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Twitter Is a 'Dangerous Tool' For CEOs - And Everyone Else

CEOs say the darndest things.

Mike Jeffries, the CEO of Abercrombie & Fitch (NYSE: ANF), has repeatedly insulted consumers by saying that he only wants certain kinds of people (the "good-looking" ones) to shop at his store.

Lululemon (NASDAQ: LULU) founder and former CEO Chip Wilson got in trouble after saying that his store's yoga pants don't actually work for some women's bodies.

Google (NASDAQ: GOOG) Exec Chairman and former CEO Eric Schmidt offended consumers when CNBC's Maria Bartiromo asked him the following question:

"People are treating Google like their most trusted friend. Should they?"

According to the Huffington Post, Schmidt replied by saying, "If you have something that you don't want anyone to know, maybe you shouldn't be doing it in the first place."

Related: How Many CEOs Slept Their Way To The Top?

These comments were made without the use of Twitter (NYSE: TWTR). What are the world's corporate leaders saying now that the social network has been placed in their hands?

Pax Dickinson, the former CTO of Business Insider, was fired after posting several offensive messages.

Justine Sacco, the former communications director of IAC/InterActiveCorp (NASDAQ: IACI), was fired after tweeting an unforgettably offensive message last December.

Twitter Increases The Risks

Those tweets were intentional, but accidents can also make life difficult for companies that use Twitter. US Airways knows this better than anyone.

"Twitter is a dangerous tool because, whether you're the CEO or a low-level employee, you have things that are being sent out in real-time," Marlene Morris Towns, a Professor of Marketing at Georgetown University's McDonough School of Business, told Benzinga. "They're not vetted. They're not run through legal and compliance and all this kind of stuff, which allows you a lot of flexibility to jump on things as they happen. It also holds you at risk."

Professor Towns said that companies are still trying to figure out who should run their social media campaigns. Some (especially the ones that think of social media as afterthought) rely on inexperienced interns.

"You run into more difficulty like that," said Professor Towns. "It is very easy to have multiple accounts and forget to switch from one to the other before you voice an opinion. Unless you make a commitment to have an agency do it or maybe more responsible employees or a marketing division run [your Twitter account], you have more risk that something like that [US Airways incident] is going to happen."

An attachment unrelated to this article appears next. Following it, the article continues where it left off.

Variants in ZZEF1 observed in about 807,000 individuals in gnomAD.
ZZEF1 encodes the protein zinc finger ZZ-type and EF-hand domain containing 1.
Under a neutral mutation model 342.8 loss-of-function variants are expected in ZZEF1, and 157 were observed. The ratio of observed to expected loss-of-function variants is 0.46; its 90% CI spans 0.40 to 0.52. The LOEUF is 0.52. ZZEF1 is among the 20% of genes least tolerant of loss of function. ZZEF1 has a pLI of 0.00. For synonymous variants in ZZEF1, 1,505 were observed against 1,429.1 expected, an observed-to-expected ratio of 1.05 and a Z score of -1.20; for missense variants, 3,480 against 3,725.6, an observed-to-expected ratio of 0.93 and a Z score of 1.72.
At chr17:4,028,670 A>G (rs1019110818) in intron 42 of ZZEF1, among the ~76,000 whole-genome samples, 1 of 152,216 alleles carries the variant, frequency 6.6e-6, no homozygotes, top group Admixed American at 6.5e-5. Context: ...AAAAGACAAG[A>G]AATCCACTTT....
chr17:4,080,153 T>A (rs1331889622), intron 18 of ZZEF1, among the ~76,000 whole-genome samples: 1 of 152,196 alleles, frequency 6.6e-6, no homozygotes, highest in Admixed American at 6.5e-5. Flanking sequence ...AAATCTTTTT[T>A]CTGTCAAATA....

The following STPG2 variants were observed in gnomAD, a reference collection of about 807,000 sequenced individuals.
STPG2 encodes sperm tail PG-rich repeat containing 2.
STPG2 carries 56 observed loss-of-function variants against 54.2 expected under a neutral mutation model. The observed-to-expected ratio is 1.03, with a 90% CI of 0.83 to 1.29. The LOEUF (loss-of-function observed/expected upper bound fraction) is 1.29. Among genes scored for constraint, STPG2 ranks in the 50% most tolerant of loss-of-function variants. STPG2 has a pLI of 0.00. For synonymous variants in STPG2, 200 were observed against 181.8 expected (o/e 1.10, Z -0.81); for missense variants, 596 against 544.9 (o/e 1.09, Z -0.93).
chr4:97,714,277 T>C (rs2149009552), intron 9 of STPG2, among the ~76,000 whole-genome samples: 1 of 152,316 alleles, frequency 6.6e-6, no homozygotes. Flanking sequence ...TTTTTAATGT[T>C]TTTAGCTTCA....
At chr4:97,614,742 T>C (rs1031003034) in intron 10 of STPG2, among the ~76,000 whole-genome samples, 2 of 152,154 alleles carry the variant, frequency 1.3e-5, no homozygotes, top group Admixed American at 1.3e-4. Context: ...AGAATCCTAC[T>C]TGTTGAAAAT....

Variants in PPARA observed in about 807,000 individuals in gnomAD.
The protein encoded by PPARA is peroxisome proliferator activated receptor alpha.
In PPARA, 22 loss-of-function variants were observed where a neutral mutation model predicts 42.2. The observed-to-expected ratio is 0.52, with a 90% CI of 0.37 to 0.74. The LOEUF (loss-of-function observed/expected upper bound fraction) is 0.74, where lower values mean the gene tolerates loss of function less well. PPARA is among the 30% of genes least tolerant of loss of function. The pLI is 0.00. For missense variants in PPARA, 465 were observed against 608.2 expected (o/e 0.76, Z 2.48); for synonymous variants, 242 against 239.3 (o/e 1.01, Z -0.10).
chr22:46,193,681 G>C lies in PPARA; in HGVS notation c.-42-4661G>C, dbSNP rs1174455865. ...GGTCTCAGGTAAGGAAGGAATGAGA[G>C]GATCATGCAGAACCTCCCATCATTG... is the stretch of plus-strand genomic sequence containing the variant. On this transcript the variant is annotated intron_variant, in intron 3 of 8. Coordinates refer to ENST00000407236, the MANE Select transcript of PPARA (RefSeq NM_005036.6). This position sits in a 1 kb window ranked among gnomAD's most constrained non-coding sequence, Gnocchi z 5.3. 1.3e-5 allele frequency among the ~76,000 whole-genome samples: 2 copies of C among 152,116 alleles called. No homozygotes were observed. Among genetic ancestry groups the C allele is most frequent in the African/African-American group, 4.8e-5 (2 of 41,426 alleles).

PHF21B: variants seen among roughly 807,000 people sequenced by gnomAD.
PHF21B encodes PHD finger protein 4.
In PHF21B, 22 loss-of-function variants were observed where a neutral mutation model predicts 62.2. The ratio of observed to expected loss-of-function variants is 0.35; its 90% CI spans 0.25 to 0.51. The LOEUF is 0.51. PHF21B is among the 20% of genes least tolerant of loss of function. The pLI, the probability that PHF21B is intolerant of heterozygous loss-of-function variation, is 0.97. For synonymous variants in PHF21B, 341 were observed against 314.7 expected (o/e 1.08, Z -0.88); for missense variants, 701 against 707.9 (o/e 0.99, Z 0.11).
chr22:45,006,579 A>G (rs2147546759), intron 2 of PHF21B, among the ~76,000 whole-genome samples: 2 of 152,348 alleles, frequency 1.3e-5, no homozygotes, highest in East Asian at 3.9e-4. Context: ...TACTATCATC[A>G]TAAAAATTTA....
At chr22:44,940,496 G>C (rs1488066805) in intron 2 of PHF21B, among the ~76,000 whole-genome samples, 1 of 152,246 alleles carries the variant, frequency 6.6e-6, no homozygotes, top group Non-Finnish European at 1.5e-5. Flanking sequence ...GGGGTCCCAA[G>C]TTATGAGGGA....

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In that scenario, Professor Towns said that a company needs to address the issue immediately.

"I think you need to take it one step further than the actual infraction," she said. "If it was a tweet that was sent out, you don't want to emphasize it too much so that you let people know that weren't aware. But you want to send out a response tweet and maybe send it out a little bit wider. Maybe it goes to a couple more social networks, because it's going to get shared. You may need to go to Instagram and Pinterest and Twitter and Facebook -- wherever your social media followers are likely to see it."

It is also necessary for companies to explain what was done to take care of the problem and ensure it does not happen again.

"Usually people like to hear that the person [responsible] got fired, especially if it was something mean-spirited," said Professor Towns.

CEOs could also use some advice.

"CEOs step in it themselves sometime by letting their personal views be known when they shouldn't necessarily be known," Professor Towns added. "And sometimes that's their fault and sometimes it's not. Somebody asks them a question in an interview, they say something off the cuff, and next thing you know it's on social media."

Disclosure: At the time of this writing, Louis Bedigian had no position in the equities mentioned in this report.

Posted-In: Business Insider comments Eric Schmidt Facebook GoogleNews Management Tech Best of Benzinga

 

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